Jo Swinson has apologised to the Liberal Democrats for a dismal election in which she lost her seat and the party slipped to 11 MPs, but said she did not regret fighting on a defiantly pro-remain platform.
Naming some of the MPs ejected as her party lost 10 of its pre-election tally of 21, including the Brexit spokesman, Tom Brake, and all the recent defectors from the Conservatives and Labour, Swinson said: I’m so sorry I couldn’t get them re-elected.
In a speech to party activists, Swinson said she had been an unapologetic voice of remain in this election. The stance prompted some criticism inside the Lib Dems, notably the pledge to revoke Brexit without a second referendum if the party won a majority.
Obviously it hasn’t worked, Swinson said. And I, like you, am devastated about that. But I don’t regret trying.
Castigating what she said was the failure of the Conservatives and Labour to tackle racism in their ranks, Swinson said she was fearful for the future: Our country is in the grip of populism, with nationalism resurgent in all its forms.
Swinson stepped down immediately as party leader, a job she only took in July, after losing her East Dunbartonshire constituency to the Scottish National party by 149 votes, a seat she had only regained in 2017.
Ed Davey, the Lib Dem deputy leader, and Sal Brinton, its president, will take over as joint interim leaders ahead of a leadership election in the new year.
In her speech, Swinson hinted strongly that she would like her successor to be a woman, naming and praising the party’s seven female MPs, three of them new. I’m proud to have been the first woman to lead the Liberal Democrats, and even more proud that I know I won’t be the last, she said.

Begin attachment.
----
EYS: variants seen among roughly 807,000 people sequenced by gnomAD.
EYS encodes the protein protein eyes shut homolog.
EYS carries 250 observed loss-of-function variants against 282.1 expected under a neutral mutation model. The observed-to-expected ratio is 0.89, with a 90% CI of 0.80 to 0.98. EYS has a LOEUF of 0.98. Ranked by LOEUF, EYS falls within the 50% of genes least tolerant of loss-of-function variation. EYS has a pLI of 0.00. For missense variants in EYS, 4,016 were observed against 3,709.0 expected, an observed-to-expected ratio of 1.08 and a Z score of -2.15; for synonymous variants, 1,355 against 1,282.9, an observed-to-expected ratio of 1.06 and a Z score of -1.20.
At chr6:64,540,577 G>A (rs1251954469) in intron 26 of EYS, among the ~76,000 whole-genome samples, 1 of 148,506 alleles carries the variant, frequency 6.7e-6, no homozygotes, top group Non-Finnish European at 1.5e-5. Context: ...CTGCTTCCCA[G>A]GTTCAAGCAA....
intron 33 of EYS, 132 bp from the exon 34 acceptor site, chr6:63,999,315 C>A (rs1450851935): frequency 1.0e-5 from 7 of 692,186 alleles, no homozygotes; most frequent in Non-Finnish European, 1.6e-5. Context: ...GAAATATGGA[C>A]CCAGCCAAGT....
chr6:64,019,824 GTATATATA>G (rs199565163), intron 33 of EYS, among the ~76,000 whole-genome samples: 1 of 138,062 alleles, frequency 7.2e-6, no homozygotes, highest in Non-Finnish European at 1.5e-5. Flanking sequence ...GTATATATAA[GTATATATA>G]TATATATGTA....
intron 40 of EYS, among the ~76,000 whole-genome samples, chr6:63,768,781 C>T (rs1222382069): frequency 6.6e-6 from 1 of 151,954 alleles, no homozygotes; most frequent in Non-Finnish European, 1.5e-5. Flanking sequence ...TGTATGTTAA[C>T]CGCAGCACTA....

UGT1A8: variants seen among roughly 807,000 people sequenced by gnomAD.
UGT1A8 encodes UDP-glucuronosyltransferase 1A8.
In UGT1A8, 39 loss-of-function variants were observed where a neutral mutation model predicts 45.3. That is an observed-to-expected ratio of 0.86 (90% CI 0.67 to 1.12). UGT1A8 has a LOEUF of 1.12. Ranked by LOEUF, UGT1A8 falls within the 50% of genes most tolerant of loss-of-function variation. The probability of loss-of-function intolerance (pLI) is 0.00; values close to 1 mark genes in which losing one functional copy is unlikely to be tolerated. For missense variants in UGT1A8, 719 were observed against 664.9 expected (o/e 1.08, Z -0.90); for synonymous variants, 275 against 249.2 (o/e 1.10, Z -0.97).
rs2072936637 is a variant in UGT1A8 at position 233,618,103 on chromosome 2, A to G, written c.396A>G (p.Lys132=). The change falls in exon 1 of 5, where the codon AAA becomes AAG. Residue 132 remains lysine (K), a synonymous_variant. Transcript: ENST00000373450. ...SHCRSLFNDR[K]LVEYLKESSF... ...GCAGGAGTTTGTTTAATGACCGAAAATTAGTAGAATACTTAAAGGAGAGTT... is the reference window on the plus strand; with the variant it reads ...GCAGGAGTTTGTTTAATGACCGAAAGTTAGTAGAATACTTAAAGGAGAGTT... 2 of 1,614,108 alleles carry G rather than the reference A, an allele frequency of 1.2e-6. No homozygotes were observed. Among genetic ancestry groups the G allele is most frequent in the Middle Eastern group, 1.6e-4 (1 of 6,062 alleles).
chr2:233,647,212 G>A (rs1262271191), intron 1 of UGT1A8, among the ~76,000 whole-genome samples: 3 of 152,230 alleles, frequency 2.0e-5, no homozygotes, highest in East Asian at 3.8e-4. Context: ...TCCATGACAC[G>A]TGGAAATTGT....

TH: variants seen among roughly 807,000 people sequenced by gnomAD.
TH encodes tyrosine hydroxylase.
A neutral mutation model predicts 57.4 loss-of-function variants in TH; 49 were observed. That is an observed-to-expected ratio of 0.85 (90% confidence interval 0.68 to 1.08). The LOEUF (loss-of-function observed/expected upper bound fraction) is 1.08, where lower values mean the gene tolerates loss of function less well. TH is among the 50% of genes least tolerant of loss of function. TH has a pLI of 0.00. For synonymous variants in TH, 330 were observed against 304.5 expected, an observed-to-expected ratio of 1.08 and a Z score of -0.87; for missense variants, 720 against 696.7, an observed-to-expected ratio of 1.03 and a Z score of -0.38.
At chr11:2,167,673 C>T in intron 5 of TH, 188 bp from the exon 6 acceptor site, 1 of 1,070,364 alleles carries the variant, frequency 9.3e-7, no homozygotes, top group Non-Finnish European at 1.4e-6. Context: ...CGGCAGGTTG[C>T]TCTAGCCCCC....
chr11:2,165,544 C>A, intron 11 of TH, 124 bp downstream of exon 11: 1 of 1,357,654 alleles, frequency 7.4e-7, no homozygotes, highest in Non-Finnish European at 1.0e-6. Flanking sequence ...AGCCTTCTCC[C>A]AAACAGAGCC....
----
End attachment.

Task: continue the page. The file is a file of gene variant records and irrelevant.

After a buoyant autumn conference at which party insiders cited 80 seats as a likely minimum benchmark for an election, Swinson led the Lib Dems to their second-worst performance in the party’s 31-year modern history, better only than the slump from 57 to eight seats in 2015.
While the party had a significant gain in vote share on Thursday, up to 11.5% from the 7.4% in 2017, the new leader will face a postmortem into a campaign based heavily around courting remain-voting areas.
The Lib Dems lost all the defectors from other parties who had swelled their number of MPs to 21.
Among those who fell short were the former Labour MPs Chuka Umunna and Luciana Berger, and the ex-Conservative Sam Gyimah, who had been placed in London seats seen as winnable. Other former Tories such as Phillip Lee and Antoinette Sandbach also lost.
However, the party held on to some close-run seats in Scotland, and had some success in a handful of remain-minded seats. In Richmond Park in south-west London, Sarah Olney removed the Tory minister Zac Goldsmith.
But elsewhere the Lib Dems were hampered by what seemed to be a lack of effective tactical voting, not least because in some seats it was not clear whether they or Labour were the better option for anti-Conservative locals.
In the north London seat of Finchley and Golders Green, Berger lost by more than 6,000 votes to the Tory incumbent, Mike Freer, with the third-placed Labour candidate polling more than 13,000 votes.
Similarly, in the Cities of London and Westminster seat, Umunna’s losing margin to the Conservatives, just under 4,000, was significantly less than the 11,000-plus won by Labour.